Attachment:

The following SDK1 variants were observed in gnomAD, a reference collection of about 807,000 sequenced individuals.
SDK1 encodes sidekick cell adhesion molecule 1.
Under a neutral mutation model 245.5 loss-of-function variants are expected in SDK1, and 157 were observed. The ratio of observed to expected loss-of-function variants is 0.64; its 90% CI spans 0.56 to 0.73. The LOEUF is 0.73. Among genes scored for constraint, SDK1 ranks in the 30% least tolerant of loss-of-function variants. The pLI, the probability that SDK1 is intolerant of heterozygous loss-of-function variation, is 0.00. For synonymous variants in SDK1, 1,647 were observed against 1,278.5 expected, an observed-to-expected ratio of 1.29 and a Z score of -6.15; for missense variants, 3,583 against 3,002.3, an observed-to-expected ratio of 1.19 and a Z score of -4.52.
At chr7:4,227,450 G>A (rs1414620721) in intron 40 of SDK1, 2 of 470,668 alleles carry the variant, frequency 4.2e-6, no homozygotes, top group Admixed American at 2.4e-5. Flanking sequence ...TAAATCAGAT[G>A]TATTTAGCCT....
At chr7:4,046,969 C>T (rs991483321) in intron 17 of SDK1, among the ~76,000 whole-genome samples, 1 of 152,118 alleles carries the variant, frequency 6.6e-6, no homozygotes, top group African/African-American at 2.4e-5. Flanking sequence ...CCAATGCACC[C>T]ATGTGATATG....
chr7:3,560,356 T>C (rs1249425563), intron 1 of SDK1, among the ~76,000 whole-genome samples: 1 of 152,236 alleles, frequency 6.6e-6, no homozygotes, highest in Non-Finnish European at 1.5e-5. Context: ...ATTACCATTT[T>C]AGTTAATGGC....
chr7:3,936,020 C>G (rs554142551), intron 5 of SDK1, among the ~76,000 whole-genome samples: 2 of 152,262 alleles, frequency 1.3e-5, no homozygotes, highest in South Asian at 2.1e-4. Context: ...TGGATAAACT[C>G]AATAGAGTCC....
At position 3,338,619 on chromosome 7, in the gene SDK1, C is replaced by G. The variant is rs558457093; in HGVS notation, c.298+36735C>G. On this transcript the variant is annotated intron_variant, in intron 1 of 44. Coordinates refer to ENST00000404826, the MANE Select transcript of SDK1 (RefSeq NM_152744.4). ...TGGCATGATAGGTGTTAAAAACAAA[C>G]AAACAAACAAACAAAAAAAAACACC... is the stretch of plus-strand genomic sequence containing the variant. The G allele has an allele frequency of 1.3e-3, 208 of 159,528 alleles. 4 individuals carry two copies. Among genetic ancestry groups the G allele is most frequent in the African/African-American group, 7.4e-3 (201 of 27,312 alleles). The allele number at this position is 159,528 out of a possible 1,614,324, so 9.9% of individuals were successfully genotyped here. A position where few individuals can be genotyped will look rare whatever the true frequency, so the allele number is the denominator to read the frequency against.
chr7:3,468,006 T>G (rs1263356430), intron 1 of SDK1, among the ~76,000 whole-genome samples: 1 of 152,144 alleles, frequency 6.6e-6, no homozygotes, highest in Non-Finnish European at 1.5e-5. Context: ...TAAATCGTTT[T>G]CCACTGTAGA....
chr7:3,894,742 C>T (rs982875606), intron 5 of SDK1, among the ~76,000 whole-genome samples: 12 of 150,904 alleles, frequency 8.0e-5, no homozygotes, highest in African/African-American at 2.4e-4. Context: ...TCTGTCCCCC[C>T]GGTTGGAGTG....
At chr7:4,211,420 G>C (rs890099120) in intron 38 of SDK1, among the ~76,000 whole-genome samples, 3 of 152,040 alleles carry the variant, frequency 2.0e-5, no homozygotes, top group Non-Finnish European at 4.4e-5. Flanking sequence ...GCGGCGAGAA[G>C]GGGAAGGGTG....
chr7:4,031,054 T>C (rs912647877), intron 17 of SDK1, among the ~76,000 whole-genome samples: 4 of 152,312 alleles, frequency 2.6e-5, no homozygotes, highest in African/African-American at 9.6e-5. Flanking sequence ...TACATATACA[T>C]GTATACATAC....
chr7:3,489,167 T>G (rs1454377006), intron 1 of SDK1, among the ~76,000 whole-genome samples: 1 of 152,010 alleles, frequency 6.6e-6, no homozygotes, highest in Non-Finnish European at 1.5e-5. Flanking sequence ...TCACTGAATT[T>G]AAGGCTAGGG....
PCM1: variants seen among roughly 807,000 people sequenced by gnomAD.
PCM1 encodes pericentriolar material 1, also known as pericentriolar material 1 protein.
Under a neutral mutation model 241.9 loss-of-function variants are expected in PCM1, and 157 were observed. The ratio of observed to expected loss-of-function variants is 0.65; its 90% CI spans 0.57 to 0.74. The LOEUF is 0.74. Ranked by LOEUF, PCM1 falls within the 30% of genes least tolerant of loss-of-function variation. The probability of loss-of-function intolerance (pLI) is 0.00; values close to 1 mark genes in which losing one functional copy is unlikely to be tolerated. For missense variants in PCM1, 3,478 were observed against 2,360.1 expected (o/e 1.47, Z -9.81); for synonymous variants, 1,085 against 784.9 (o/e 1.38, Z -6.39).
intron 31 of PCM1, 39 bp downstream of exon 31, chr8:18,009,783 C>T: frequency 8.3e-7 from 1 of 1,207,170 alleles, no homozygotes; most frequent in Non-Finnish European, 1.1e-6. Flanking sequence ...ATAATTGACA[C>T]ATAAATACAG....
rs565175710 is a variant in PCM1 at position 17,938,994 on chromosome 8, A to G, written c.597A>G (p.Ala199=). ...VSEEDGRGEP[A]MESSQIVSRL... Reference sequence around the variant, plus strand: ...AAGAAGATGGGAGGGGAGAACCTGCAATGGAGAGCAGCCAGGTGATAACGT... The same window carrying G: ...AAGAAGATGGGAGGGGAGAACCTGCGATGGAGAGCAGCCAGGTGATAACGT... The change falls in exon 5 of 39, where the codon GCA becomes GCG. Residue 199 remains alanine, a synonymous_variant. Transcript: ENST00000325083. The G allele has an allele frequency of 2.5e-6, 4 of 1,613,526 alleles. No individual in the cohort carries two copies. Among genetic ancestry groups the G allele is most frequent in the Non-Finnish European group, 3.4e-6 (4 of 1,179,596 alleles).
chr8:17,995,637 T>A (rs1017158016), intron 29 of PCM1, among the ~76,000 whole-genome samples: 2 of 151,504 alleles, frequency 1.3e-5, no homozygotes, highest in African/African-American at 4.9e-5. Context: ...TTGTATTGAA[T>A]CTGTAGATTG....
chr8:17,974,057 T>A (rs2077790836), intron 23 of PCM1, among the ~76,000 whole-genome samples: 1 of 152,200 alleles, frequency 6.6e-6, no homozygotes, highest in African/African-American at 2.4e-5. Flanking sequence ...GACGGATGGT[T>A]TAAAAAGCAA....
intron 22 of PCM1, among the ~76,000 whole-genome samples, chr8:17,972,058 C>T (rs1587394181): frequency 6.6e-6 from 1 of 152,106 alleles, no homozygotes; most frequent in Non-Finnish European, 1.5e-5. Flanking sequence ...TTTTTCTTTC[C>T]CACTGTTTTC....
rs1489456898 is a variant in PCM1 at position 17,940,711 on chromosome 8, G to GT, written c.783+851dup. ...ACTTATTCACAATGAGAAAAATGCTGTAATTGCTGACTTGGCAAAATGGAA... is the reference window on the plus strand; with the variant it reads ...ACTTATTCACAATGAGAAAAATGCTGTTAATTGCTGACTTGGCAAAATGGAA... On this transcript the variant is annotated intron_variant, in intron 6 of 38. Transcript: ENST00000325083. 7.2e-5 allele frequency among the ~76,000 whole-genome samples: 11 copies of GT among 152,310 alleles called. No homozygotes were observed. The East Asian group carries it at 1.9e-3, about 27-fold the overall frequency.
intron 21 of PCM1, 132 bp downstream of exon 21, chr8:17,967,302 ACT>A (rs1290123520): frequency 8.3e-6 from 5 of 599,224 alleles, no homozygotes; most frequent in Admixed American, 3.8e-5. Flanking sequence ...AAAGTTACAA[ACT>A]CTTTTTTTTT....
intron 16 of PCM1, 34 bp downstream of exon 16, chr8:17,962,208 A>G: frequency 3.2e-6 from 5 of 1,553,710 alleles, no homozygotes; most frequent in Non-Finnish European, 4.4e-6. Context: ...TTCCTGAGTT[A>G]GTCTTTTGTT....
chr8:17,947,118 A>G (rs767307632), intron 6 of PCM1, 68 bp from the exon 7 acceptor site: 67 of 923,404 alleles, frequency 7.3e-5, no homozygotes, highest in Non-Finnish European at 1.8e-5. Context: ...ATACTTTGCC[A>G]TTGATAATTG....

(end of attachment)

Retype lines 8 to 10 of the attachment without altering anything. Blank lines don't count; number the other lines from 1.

At position 3,338,619 on chromosome 7, in the gene SDK1, C is replaced by G. The variant is rs558457093; in HGVS notation, c.298+36735C>G. On this transcript the variant is annotated intron_variant, in intron 1 of 44. Coordinates refer to ENST00000404826, the MANE Select transcript of SDK1 (RefSeq NM_152744.4). ...TGGCATGATAGGTGTTAAAAACAAA[C>G]AAACAAACAAACAAAAAAAAACACC... is the stretch of plus-strand genomic sequence containing the variant. The G allele has an allele frequency of 1.3e-3, 208 of 159,528 alleles. 4 individuals carry two copies. Among genetic ancestry groups the G allele is most frequent in the African/African-American group, 7.4e-3 (201 of 27,312 alleles). The allele number at this position is 159,528 out of a possible 1,614,324, so 9.9% of individuals were successfully genotyped here. A position where few individuals can be genotyped will look rare whatever the true frequency, so the allele number is the denominator to read the frequency against.
chr7:3,468,006 T>G (rs1263356430), intron 1 of SDK1, among the ~76,000 whole-genome samples: 1 of 152,144 alleles, frequency 6.6e-6, no homozygotes, highest in Non-Finnish European at 1.5e-5. Context: ...TAAATCGTTT[T>G]CCACTGTAGA....
chr7:3,894,742 C>T (rs982875606), intron 5 of SDK1, among the ~76,000 whole-genome samples: 12 of 150,904 alleles, frequency 8.0e-5, no homozygotes, highest in African/African-American at 2.4e-4. Context: ...TCTGTCCCCC[C>T]GGTTGGAGTG....